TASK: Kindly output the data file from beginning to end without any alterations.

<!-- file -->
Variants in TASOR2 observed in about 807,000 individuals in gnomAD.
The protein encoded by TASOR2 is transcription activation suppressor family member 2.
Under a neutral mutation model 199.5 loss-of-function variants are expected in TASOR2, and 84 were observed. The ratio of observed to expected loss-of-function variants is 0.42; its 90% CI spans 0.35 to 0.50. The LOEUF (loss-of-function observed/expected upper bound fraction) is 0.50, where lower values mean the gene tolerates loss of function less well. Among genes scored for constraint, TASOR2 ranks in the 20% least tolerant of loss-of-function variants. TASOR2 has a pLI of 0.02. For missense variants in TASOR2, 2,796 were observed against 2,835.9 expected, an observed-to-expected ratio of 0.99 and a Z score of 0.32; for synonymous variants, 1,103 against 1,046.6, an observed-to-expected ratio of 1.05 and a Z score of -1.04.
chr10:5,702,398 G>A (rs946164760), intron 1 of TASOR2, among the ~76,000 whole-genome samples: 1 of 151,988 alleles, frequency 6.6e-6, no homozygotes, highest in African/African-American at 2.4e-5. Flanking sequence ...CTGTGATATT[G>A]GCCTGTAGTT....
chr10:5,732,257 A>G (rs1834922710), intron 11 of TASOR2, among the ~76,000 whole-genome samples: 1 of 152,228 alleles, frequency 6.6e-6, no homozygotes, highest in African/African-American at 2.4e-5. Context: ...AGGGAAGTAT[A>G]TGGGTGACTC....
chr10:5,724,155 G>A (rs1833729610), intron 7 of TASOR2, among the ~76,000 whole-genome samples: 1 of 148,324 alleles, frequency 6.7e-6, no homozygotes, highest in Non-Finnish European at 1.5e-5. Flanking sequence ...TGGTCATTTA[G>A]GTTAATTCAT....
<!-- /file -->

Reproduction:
Variants in TASOR2 observed in about 807,000 individuals in gnomAD.
The protein encoded by TASOR2 is transcription activation suppressor family member 2.
Under a neutral mutation model 199.5 loss-of-function variants are expected in TASOR2, and 84 were observed. The ratio of observed to expected loss-of-function variants is 0.42; its 90% CI spans 0.35 to 0.50. The LOEUF (loss-of-function observed/expected upper bound fraction) is 0.50, where lower values mean the gene tolerates loss of function less well. Among genes scored for constraint, TASOR2 ranks in the 20% least tolerant of loss-of-function variants. TASOR2 has a pLI of 0.02. For missense variants in TASOR2, 2,796 were observed against 2,835.9 expected, an observed-to-expected ratio of 0.99 and a Z score of 0.32; for synonymous variants, 1,103 against 1,046.6, an observed-to-expected ratio of 1.05 and a Z score of -1.04.
chr10:5,702,398 G>A (rs946164760), intron 1 of TASOR2, among the ~76,000 whole-genome samples: 1 of 151,988 alleles, frequency 6.6e-6, no homozygotes, highest in African/African-American at 2.4e-5. Flanking sequence ...CTGTGATATT[G>A]GCCTGTAGTT....
chr10:5,732,257 A>G (rs1834922710), intron 11 of TASOR2, among the ~76,000 whole-genome samples: 1 of 152,228 alleles, frequency 6.6e-6, no homozygotes, highest in African/African-American at 2.4e-5. Context: ...AGGGAAGTAT[A>G]TGGGTGACTC....
chr10:5,724,155 G>A (rs1833729610), intron 7 of TASOR2, among the ~76,000 whole-genome samples: 1 of 148,324 alleles, frequency 6.7e-6, no homozygotes, highest in Non-Finnish European at 1.5e-5. Flanking sequence ...TGGTCATTTA[G>A]GTTAATTCAT....